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Antisemitic Vandalism at Long Island Playground and Park

swastika playground.JPG

Anti-Semitic symbols were found inscribed into playground equipment in Seaford, officials said.

The symbols were found at Seamans Neck Park in the midst of the High Holy Days, the Jewish holiday season, in an area where children and family gather, officials said. Photos obtained by Patch showed at least two Swastikas scrawled on playground equipment.

Don Clavin, the Hempstead town supervisor, and members of the Town Board joined local spiritual leaders Thursday to condemn repeated instances of vandalism found there this week, including hate symbols such as Swastikas. Hempstead officials and area rabbis talked about the importance of unity and what steps will be taken to address the vandalism and prevent it from happening again. Clavin said there is “zero tolerance” for anti-Semitism in Hempstead town.

“It is especially disturbing to discover such vitriol and hatred during the highest holidays on the Jewish calendar and in a space where children and families gather regularly,” Clavin said. “It’s critical that we band together to call for unity and take steps to prevent this from happening again.”

The area was closed off for an investigation. Clavin, along with fellow council members Dorothy Goosby, Bruce Blakeman, Anthony D’Esposito, Dennis Dunne, Sr., Tom Muscarella, Chris Carini, Town Clerk Kate Murray and Receiver Jeanine Driscoll joined with local spiritual leaders at Seamans Neck Park to stress unity and vigilance against anti-Semitism and discrimination.

The vandalism comes after the town launched an anti-graffiti task force, which is co-chaired by Clavin and Carini, who is a former police officer. The town recently passed legislation to increase fines for graffiti vandalism. The town also recently increased patrols of public safety officers near houses of worship during the High Holy Days of Rosh Hashanah and Yom Kippur.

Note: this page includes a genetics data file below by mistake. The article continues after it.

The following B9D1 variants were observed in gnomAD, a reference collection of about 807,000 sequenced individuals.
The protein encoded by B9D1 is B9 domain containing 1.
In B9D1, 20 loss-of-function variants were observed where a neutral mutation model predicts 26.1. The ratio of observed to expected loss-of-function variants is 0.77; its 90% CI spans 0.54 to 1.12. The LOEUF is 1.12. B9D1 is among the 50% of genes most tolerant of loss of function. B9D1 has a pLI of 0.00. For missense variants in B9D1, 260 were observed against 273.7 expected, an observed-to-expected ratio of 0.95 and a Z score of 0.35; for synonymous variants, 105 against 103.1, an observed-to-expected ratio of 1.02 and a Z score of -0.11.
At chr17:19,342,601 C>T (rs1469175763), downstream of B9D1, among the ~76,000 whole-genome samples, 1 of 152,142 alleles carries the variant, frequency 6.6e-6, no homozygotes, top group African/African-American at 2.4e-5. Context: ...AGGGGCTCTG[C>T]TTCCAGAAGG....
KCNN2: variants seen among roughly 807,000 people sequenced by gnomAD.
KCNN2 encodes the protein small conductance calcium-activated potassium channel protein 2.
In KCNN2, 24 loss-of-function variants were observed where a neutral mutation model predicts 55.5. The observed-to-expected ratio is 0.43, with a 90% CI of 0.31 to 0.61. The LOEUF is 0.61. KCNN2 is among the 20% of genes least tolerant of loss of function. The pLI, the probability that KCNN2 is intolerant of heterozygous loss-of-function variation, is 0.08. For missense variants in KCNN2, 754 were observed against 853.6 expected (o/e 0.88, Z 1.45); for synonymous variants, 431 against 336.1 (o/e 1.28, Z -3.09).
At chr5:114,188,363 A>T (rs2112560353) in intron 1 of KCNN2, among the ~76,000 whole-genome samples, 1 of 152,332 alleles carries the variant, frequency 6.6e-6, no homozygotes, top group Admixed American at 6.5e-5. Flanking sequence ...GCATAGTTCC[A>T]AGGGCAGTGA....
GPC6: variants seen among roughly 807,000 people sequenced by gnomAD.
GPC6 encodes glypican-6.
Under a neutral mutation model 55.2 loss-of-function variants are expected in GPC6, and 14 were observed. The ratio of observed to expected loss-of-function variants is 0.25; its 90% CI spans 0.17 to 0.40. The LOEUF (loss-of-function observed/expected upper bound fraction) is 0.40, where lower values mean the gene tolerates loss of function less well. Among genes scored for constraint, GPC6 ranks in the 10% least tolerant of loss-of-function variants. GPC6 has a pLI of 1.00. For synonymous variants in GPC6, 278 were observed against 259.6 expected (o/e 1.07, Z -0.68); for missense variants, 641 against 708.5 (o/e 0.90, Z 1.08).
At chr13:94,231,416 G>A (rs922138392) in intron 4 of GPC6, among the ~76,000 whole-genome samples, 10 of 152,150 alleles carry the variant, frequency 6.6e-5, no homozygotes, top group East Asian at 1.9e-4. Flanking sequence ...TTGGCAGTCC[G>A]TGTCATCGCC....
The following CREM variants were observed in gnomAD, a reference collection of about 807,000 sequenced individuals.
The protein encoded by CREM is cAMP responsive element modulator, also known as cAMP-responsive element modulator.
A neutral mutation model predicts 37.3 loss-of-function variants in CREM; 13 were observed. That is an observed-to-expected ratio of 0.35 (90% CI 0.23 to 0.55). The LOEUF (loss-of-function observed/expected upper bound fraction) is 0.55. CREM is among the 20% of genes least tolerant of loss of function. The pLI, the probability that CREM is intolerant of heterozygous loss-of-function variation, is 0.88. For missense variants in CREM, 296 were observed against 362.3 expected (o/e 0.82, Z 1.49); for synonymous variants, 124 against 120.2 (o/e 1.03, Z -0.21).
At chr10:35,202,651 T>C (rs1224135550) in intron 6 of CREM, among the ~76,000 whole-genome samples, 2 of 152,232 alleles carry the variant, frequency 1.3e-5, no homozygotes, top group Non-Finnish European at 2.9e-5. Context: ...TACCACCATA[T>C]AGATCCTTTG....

Goosby said it is “unacceptable” to have anti-Semitism and hate symbols in the town.

“In Hempstead Town, we pride ourselves on the diversity and strength of our communities and it’s important for all of us to band together, across all faiths, to speak out against these messages of hate and bias,” Goosby said.

Clavin and the Town Board directed the Parks and Public Safety Departments to boost patrols and perform additional check-ups and inspections of park equipment. Officials said they will work with parks staff and other departments to discuss enhanced security measures, including possibly installing cameras at some locations.

“No person should ever feel threatened because of their religion, and we’re here to stand together to assure members of our township’s Jewish community and of all faiths that we are unified against hate of all forms,” Dunne said.

Carini said he was “truly disgusted” by the vandalism.

“The unfortunate reality is that this anti-Semitism still exists across our nation, and we must always be vigilant and never let our guard down,” Carini said. “As co-chair of the town’s Graffiti Task Force, I will work with my fellow Town Board colleagues and members of the community to address these hate crimes and prevent them from happening again.”